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Lethbridge Herald Newspaper Archives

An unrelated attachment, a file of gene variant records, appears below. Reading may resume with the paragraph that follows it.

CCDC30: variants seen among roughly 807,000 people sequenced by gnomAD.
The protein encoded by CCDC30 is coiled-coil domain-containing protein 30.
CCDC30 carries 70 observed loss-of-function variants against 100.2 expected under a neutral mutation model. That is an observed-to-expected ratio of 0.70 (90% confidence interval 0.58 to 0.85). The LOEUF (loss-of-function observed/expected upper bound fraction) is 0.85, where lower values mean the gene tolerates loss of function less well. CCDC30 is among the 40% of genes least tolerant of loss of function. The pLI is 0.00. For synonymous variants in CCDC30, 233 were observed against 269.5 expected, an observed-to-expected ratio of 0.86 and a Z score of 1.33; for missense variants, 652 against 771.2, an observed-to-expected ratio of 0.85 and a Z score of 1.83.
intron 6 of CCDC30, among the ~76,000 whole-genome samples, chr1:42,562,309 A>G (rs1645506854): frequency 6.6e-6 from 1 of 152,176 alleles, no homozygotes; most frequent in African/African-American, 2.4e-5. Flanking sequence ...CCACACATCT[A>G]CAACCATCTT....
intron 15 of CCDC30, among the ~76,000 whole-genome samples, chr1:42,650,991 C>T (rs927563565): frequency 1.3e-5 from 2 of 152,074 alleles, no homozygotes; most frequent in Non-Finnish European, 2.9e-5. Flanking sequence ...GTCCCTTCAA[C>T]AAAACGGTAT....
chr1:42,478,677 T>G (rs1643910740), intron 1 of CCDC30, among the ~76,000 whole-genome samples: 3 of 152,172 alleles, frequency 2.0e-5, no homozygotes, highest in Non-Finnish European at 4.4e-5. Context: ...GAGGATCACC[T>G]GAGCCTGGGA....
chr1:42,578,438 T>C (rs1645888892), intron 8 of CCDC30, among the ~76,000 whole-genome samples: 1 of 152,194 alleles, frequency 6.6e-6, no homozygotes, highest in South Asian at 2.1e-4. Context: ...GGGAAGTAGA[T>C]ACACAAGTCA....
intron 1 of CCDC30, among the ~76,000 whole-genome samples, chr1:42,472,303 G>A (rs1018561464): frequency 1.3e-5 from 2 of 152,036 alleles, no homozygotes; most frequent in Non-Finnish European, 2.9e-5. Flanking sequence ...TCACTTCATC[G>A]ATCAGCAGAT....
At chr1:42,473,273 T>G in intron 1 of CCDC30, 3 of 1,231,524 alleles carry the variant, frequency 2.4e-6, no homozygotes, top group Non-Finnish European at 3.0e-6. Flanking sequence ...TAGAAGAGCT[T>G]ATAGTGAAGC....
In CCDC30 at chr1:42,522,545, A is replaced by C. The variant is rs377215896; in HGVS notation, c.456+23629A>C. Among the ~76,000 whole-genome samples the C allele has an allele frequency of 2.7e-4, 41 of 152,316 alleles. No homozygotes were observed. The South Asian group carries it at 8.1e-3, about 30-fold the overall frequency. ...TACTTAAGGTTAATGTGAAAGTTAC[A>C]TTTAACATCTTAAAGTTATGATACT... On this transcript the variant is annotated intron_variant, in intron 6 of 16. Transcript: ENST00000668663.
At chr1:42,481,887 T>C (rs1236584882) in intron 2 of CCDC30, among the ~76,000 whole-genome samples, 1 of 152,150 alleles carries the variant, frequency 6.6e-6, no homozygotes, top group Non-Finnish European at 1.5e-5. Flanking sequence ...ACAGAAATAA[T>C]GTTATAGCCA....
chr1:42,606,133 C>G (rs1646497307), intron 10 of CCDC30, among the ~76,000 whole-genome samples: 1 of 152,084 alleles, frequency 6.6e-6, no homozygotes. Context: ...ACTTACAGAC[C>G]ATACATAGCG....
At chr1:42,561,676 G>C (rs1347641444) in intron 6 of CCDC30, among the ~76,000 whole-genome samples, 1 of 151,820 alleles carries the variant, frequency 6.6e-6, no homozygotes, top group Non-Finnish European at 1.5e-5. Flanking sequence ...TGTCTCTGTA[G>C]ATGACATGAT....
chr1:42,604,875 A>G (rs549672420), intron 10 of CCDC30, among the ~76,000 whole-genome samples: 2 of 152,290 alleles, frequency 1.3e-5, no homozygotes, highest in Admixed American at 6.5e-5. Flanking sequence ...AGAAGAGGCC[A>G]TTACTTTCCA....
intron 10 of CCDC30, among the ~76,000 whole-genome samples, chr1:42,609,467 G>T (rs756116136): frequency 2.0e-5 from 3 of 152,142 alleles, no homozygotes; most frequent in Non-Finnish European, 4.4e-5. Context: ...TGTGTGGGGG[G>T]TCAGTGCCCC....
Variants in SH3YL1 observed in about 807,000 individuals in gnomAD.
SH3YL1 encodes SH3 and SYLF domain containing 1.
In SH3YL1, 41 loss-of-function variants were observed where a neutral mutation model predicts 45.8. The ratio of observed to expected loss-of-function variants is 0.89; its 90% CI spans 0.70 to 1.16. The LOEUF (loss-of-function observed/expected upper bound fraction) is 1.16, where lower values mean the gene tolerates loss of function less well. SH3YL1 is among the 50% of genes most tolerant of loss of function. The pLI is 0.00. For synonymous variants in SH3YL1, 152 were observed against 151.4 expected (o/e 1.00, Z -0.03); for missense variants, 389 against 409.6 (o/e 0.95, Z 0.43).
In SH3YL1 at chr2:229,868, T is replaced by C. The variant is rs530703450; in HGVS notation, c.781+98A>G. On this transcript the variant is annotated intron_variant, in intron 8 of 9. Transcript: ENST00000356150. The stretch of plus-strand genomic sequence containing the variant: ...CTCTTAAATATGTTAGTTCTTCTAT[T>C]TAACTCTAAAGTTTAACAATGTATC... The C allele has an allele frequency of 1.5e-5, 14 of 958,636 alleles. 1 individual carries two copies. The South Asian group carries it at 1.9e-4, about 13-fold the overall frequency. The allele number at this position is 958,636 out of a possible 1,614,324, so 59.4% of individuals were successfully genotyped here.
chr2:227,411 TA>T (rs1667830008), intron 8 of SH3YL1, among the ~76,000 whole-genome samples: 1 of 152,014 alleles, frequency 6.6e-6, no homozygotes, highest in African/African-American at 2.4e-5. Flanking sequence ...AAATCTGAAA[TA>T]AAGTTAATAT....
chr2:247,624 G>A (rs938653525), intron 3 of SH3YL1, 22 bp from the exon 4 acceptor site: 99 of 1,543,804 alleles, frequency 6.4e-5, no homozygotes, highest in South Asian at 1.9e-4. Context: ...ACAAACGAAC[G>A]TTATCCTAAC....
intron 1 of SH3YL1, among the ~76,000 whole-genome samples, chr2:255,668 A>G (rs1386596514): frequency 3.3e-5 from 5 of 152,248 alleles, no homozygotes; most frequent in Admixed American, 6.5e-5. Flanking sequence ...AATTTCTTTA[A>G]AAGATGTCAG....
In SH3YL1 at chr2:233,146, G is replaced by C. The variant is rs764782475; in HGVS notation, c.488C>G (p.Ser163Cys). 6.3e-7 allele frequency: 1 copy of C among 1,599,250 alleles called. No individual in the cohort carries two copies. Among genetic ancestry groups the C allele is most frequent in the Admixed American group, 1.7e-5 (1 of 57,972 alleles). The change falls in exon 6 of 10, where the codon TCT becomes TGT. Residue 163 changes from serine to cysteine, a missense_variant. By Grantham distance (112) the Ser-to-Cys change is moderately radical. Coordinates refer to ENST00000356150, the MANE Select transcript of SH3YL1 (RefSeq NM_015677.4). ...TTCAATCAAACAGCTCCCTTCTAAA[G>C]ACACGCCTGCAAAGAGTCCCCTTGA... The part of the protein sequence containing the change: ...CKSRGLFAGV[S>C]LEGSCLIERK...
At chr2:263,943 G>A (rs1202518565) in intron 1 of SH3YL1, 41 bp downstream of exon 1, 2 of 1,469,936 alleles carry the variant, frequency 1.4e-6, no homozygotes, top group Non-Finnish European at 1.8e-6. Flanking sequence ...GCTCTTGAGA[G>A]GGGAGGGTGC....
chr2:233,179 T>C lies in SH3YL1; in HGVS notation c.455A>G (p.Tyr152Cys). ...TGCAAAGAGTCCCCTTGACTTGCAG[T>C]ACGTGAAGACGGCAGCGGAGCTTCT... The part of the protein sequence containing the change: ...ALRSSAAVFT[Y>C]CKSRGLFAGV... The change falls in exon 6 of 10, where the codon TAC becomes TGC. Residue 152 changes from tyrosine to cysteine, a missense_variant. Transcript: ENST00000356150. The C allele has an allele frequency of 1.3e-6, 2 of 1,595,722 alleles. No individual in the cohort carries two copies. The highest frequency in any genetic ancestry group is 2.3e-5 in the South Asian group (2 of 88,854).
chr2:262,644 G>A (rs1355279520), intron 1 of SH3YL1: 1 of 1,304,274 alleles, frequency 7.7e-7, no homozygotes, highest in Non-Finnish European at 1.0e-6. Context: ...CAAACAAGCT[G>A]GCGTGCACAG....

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Lethbridge Herald, The (Newspaper) - February 19, 1975, Lethbridge, Alberta Wednesday, February 19, 1975 THE LETHBRIDGE HERALD 39 Royal income debate heats up Top dog Sir Lancelot of Barvan sprawls on the lap of his owner Barbara Vanword of Newmarket, Ont. Sir Lancelot who answers to the name of Dudley at home, took top honors in North America's fore- most canine show in New York. He was the first Canadian dog to win the best dog-in-show award in 57 years. New transport system faces major problems By BOB DOUGLAS OTTAWA (CP) Expect no immediate, dramatic improve- ment in the overloaded transport system as a result of the current transport policy review, government policy planners say. Problems are enormous, they say, and changes will have to be introduced gradually over years. Money is a major problem with energy, housing and other urgent needs competing for government funds, say government officials. And even if the government decided today to flood the coun- try with rail freight cars, the new equipment would not be ready for at least 18 months because factories are plugged solid with orders. Meanwhile, government planners are working on a blueprint for what they say will be a different transport system. They say some changes, like the experimental LRC (light, rapid, comfortable) passenger train service in southwestern Ontario, will be introduced this year. Other changes will come in waves over years. The policy review was underway even before Transport Min- ister Jean Marchand said a year ago that the transport system was in a mess. Election ideas The Liberal party rushed some preliminary ideas out as its transport policy in the election campaign. There has been some backtracking since on some details of the plan. Transport department officials left the impression a year ago that a broad transport policy would be ready by the autumn. But by the autumn transport department officials were tailing about continuing the policy study another year. Informants now say that there will be no detailed gov- ernment white paper wrapping up all government transport policy in a neat package. Mr. Marchand may make a statement this spring outlining the general direction of government policy, say transport de- partment sources. There will be announcements about improving rail access to the port of Vancouver, one major bottleneck in the rail system. In addition, there will be a new ports policy outlining changes to ports administration across the country and possibly further improvements in the rail freight system, informants say. Problems growing But the problems are great and growing. "For the first time in many decades we are running out of .capacity on the railways and the question is what do you do about one government official said. Traffic on the over-all transport system is expected at least to double by 1990. Much of the increase will be on rail. There are also problems on highways with different load limits in different provinces. Government officials say they are trying to devise ways of improving efficiency so more can be squeezed out of the ex- isting system. One possibility is joint use of track by CN and CP Rail in Western Canada. Justice Minister Otto Lang, minister responsible for the wheat board, already has outlined proposals for improving the grain transport system by encouraging shipment of grain by truck to mainline rail terminals. Mr. Lang and his. officials say these ideas are not yet policy. Pension equality for women OTTAWA (CP) A bill in- troduced in the Commons Monday would give female public servants full pension equality with their male counterparts. The bill, introduced by Treasury Board President Jean Chretien, amends 11 laws to give male and female contributors "equality of status and equal rights and obligations." Among pension plans affected are those for the defence and external affairs departments, the RCMP, judges, Parliament and the Governor-General. The bill increases contribu- tions to pension funds by fe- males to 6.5 per cent from five per cent of salary, putting them in line with contributions already re- quired from male public ser- vants. Another section of the bill gives widowers equal r msion status with widows. LONDON (CP) As the Queen and Prince Philip began a tour in sunny Ber- muda, a lively debate is under way in chilly Britain over the size of the royal income. The immediate cause of the controversy is a proposal to increase the Queen's main allowance by more than 000 to million a year. The Queen has offered to pay of the increase herself but this has done little to quiet the argument. Already anti-royalists in the governing Labor party have won Prime Minister Wilson's reluctant agreement to hold a full-scale Commons debate on the issue. Their anger deepened dur- ing the weekend when it was learned a VC-10 airliner had to be expensively re-equipped at the last minute to accom- modate the royal party on the flight to Bermuda. The re-fit included installation of rosewood panelling, a coffee table, dressing tables, mirrors and the like. A British Airways spokesman took some of the heat out of this particular dis- pute by explaining that the interior of the standard VC-10 had to be changed because the 'aircraft ordinarily used by the Queen has been bought by an Arab oil sheik. He left some confusion .among remused reporters, however, by refusing .to give the cost of the refurbishing with the puzzling explanation that "this is a commercial matter." Meanwhile, the Queen has withheld any comment, as is. the tradition, on the subject and people outside Parlia- ment appear generally un- concerned. One Yorkshireman, however, wrote a letter to The Guardian suggesting that if the Queen is unhappy with her income she should work to rule. And the Sunday, newspaper, The Observer, featured a large cartoon showing her wearing a miner's hat, smil- ing broadly and carrying a Nevertheless, the debate is sign reading "Pay a bringing into the open some of spoof on large wage awards the details of the Queen's fi- just given to the coalminers. nances. MOBILE HOME SALVAGE Cirbert, Howe, Melton Adjusters Ltd. 1014 3rd Avenue South, Lethbridge Are receiving bids on the salvage of a 1969 Detroiter 10' x 50' Mobile Home For further information Phone 327-5788 during Office Hours fashionable eyewear for the Fashion iscious Sears Craftsman hard toots- the professional choice for Tome, shop or industry. a-Save Block plane. 6" long. Full adjustable. Features 1W wide blade. Valuel 096 230 577. Rag. 8.65 b-Save Mo. 4 plane. 2" wide cutlery steel blade. 9 long. A workshop Indispensable! 096 230 550. 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